This book also offers a lot of great advice on improving in the mental game outside of just tilt and I highly recommend it to everyone reading this article.

Create Tilt Triggers/Rules

In order to really start gaining control over tilt you need to be able to identify when you’re tilting or beginning to tilt and implement rules in your life that are lines that you do not cross in an effort to counteract the tilt.

To give an example of my rules I have set for myself:

To Prevent Tilt

  1. I always take a break after 3 losses in a row to prevent falling into desperation tilt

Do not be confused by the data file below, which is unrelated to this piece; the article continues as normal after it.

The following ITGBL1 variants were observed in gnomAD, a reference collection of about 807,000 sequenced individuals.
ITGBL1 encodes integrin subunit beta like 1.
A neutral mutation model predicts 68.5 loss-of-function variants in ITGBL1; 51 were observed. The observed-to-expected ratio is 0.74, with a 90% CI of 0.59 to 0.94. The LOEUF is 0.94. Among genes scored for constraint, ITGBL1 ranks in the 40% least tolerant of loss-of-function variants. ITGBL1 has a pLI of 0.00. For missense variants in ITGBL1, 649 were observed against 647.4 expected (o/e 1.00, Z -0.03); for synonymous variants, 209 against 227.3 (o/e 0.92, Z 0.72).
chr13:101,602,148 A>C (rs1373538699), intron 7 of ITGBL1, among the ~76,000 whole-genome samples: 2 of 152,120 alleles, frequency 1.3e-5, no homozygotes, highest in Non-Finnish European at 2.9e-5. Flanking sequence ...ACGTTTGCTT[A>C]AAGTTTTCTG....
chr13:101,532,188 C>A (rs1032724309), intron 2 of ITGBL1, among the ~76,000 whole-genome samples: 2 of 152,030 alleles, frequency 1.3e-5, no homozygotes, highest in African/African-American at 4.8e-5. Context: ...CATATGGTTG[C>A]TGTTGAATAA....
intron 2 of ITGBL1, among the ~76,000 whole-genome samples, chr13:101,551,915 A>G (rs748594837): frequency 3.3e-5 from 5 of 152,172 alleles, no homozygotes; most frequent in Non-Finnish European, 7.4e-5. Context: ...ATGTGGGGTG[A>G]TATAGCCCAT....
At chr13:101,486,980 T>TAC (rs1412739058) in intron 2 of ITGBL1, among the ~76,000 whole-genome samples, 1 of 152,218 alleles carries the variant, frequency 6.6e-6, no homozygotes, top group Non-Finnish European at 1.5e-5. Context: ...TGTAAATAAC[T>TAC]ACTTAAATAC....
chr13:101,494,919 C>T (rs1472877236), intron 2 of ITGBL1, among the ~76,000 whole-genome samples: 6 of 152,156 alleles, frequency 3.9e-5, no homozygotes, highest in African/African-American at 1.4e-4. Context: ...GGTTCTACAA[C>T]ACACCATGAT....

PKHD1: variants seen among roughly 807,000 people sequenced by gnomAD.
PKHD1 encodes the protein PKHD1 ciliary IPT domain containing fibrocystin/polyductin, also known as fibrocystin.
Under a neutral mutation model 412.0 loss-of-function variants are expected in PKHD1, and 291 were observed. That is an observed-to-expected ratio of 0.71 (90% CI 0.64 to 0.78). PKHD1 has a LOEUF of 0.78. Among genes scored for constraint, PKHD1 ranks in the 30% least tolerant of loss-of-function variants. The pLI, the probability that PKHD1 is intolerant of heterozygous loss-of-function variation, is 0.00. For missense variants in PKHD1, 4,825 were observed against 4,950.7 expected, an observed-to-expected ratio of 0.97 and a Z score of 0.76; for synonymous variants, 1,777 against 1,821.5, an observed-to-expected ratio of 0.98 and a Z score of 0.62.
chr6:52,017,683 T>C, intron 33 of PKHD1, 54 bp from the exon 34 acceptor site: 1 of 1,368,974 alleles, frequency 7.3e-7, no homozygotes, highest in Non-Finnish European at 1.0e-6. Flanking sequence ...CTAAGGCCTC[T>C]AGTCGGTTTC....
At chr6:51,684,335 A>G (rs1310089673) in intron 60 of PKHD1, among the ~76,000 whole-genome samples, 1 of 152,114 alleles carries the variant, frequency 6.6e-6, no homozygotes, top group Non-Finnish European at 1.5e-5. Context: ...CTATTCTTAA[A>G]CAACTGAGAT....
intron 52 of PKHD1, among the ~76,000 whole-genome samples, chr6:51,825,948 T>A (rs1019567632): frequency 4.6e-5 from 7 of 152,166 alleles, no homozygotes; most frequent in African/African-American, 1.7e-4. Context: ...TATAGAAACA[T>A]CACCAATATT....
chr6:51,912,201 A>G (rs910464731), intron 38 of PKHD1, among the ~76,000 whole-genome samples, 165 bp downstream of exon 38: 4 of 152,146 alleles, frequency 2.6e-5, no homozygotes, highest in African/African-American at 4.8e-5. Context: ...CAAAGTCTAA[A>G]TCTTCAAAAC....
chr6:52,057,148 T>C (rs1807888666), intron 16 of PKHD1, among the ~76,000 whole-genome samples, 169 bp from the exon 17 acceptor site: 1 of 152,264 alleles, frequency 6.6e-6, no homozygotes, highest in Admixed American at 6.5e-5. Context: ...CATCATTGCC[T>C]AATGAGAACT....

2. I never play for more than 50 minutes at a time without taking a break to avoid tilting from fatigue/lack of concentration
  3. I use the session sheet to stay focused on a goal so that I can have a clear goal that I’m working to improve on.

When I do Tilt

  1. Write down my feelings. I know I only tilt with outside causes so I work to identify what is causing me to feel this way
  2. After doing the previous step I go into a 30-60 minute session of doing something I really enjoy that is effective at clearing my mind. I have a list of things that I have found work best for me but what I usually do is go to the gym or get outside and go for a run/take my dogs on a walk. For me when I tilt the worst thing I can do is stay looking at a screen so I usually avoid playing another video game or watching YouTube, but that is just what I have learned has worked best for me.

Keep Track Of Your Progress